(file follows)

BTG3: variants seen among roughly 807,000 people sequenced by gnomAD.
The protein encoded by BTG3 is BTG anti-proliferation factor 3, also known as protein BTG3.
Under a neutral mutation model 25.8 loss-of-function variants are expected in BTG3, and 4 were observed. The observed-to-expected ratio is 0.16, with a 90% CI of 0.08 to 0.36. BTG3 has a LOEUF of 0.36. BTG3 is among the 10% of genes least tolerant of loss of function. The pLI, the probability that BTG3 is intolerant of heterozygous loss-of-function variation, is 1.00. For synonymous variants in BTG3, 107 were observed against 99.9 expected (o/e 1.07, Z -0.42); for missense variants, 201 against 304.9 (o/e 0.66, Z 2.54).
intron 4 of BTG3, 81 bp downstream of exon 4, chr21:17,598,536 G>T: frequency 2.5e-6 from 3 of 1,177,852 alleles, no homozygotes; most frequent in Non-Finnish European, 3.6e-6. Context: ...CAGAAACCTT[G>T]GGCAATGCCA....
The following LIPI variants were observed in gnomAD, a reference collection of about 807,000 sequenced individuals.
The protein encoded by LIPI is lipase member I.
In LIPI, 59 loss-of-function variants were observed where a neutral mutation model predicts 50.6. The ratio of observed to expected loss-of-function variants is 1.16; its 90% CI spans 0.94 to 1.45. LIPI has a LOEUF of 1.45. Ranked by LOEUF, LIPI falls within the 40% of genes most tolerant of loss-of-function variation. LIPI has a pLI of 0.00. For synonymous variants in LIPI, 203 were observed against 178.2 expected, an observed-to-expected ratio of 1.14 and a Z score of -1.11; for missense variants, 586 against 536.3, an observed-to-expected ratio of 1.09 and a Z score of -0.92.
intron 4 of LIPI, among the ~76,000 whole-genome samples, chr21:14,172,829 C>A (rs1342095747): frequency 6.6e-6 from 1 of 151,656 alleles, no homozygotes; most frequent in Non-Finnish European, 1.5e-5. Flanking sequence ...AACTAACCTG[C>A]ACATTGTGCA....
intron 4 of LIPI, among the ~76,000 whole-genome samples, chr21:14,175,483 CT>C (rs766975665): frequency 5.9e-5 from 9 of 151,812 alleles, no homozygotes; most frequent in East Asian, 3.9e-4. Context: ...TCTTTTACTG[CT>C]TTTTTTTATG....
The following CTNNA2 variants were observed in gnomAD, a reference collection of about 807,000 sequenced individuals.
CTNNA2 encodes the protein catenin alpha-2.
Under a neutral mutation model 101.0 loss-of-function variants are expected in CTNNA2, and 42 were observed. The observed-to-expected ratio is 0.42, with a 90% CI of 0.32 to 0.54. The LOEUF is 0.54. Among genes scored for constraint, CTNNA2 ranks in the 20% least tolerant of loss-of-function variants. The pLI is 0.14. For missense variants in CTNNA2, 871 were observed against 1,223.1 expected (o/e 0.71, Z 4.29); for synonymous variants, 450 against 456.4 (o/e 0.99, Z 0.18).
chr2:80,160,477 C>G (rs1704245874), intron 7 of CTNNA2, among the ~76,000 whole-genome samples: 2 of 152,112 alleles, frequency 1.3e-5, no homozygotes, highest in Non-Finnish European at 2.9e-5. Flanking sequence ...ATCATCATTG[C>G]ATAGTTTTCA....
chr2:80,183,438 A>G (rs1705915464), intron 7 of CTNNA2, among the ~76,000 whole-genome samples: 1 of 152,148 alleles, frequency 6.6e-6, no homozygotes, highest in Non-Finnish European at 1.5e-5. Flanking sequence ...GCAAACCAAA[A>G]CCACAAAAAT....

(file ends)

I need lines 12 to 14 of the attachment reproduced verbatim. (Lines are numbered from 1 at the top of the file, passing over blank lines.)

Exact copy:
Under a neutral mutation model 101.0 loss-of-function variants are expected in CTNNA2, and 42 were observed. The observed-to-expected ratio is 0.42, with a 90% CI of 0.32 to 0.54. The LOEUF is 0.54. Among genes scored for constraint, CTNNA2 ranks in the 20% least tolerant of loss-of-function variants. The pLI is 0.14. For missense variants in CTNNA2, 871 were observed against 1,223.1 expected (o/e 0.71, Z 4.29); for synonymous variants, 450 against 456.4 (o/e 0.99, Z 0.18).
chr2:80,160,477 C>G (rs1704245874), intron 7 of CTNNA2, among the ~76,000 whole-genome samples: 2 of 152,112 alleles, frequency 1.3e-5, no homozygotes, highest in Non-Finnish European at 2.9e-5. Flanking sequence ...ATCATCATTG[C>G]ATAGTTTTCA....
chr2:80,183,438 A>G (rs1705915464), intron 7 of CTNNA2, among the ~76,000 whole-genome samples: 1 of 152,148 alleles, frequency 6.6e-6, no homozygotes, highest in Non-Finnish European at 1.5e-5. Flanking sequence ...GCAAACCAAA[A>G]CCACAAAAAT....